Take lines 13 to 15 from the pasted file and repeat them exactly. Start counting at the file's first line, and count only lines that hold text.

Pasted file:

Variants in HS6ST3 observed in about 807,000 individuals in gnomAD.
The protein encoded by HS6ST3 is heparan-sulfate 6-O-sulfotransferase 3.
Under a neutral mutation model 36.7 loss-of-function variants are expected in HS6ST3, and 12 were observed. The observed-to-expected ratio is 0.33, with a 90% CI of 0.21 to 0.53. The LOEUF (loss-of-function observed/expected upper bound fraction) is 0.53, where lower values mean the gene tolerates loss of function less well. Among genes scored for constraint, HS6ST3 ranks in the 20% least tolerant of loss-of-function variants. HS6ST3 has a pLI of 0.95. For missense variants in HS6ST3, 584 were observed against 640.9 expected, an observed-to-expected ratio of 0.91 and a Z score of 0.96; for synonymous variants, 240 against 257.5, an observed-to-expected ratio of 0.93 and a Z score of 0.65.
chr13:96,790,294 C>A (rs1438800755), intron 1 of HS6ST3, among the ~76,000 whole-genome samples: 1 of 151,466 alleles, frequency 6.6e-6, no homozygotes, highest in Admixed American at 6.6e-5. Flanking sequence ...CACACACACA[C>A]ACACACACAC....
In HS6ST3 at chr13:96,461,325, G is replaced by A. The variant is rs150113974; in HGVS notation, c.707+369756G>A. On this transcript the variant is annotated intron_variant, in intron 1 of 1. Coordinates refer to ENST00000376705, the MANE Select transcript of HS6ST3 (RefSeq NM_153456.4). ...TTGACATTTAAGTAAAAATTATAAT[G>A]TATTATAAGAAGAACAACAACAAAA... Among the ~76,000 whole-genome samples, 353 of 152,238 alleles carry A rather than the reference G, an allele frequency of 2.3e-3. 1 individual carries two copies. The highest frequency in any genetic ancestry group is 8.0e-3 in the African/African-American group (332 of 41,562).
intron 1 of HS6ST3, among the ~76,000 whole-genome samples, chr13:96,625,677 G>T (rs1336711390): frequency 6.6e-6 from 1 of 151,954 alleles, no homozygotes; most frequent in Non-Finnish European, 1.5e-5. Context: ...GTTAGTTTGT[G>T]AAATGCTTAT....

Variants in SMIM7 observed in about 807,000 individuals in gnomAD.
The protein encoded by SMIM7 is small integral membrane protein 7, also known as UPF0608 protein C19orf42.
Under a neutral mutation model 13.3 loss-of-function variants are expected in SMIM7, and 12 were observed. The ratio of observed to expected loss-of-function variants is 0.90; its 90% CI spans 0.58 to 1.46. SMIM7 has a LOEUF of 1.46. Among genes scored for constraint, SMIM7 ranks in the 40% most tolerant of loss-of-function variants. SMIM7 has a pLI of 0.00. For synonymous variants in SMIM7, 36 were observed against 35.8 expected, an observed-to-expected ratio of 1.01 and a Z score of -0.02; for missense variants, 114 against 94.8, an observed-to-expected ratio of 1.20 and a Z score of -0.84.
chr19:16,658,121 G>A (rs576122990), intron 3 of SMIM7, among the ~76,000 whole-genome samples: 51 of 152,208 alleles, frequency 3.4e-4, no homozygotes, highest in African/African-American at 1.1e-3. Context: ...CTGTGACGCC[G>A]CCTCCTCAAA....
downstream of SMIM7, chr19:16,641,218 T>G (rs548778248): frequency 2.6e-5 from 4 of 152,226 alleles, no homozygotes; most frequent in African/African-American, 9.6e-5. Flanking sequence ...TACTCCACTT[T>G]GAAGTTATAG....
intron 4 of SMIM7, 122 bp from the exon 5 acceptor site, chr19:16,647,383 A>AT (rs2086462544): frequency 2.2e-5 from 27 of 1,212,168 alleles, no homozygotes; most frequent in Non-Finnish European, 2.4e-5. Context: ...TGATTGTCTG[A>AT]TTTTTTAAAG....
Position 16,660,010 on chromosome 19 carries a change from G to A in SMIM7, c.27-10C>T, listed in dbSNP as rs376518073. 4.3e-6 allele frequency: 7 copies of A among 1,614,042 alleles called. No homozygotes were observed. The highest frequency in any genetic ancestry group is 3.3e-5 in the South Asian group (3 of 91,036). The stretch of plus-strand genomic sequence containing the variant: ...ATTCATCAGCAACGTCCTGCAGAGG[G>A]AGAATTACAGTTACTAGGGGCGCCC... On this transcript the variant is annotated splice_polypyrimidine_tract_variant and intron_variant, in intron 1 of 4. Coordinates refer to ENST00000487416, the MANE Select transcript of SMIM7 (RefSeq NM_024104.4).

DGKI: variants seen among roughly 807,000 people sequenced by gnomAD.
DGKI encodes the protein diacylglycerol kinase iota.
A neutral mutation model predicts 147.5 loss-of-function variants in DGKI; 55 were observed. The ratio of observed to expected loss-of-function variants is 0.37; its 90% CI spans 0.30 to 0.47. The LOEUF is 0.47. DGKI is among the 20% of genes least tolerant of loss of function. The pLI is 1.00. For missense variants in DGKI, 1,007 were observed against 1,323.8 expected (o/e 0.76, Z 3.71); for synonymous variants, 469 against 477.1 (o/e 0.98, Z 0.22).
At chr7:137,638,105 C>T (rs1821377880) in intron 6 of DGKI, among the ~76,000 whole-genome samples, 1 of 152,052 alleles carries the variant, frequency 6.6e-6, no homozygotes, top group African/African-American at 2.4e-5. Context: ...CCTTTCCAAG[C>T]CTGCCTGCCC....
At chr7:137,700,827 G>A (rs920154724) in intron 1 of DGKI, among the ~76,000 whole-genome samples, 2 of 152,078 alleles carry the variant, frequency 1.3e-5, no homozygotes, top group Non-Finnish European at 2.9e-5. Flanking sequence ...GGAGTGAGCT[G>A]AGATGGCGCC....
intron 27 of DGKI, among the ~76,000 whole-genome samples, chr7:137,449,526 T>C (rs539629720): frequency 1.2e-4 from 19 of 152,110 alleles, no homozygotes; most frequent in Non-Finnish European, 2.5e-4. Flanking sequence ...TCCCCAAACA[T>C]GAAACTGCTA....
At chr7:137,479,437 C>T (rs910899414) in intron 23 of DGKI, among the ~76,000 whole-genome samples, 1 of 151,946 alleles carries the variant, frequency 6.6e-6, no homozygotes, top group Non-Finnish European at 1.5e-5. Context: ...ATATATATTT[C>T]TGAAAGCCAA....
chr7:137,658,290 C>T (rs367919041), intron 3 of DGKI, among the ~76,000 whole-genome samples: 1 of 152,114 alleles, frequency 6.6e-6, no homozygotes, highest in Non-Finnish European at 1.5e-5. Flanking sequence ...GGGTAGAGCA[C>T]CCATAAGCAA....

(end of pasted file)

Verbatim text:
Position 16,660,010 on chromosome 19 carries a change from G to A in SMIM7, c.27-10C>T, listed in dbSNP as rs376518073. 4.3e-6 allele frequency: 7 copies of A among 1,614,042 alleles called. No homozygotes were observed. The highest frequency in any genetic ancestry group is 3.3e-5 in the South Asian group (3 of 91,036). The stretch of plus-strand genomic sequence containing the variant: ...ATTCATCAGCAACGTCCTGCAGAGG[G>A]AGAATTACAGTTACTAGGGGCGCCC... On this transcript the variant is annotated splice_polypyrimidine_tract_variant and intron_variant, in intron 1 of 4. Coordinates refer to ENST00000487416, the MANE Select transcript of SMIM7 (RefSeq NM_024104.4).

DGKI: variants seen among roughly 807,000 people sequenced by gnomAD.
DGKI encodes the protein diacylglycerol kinase iota.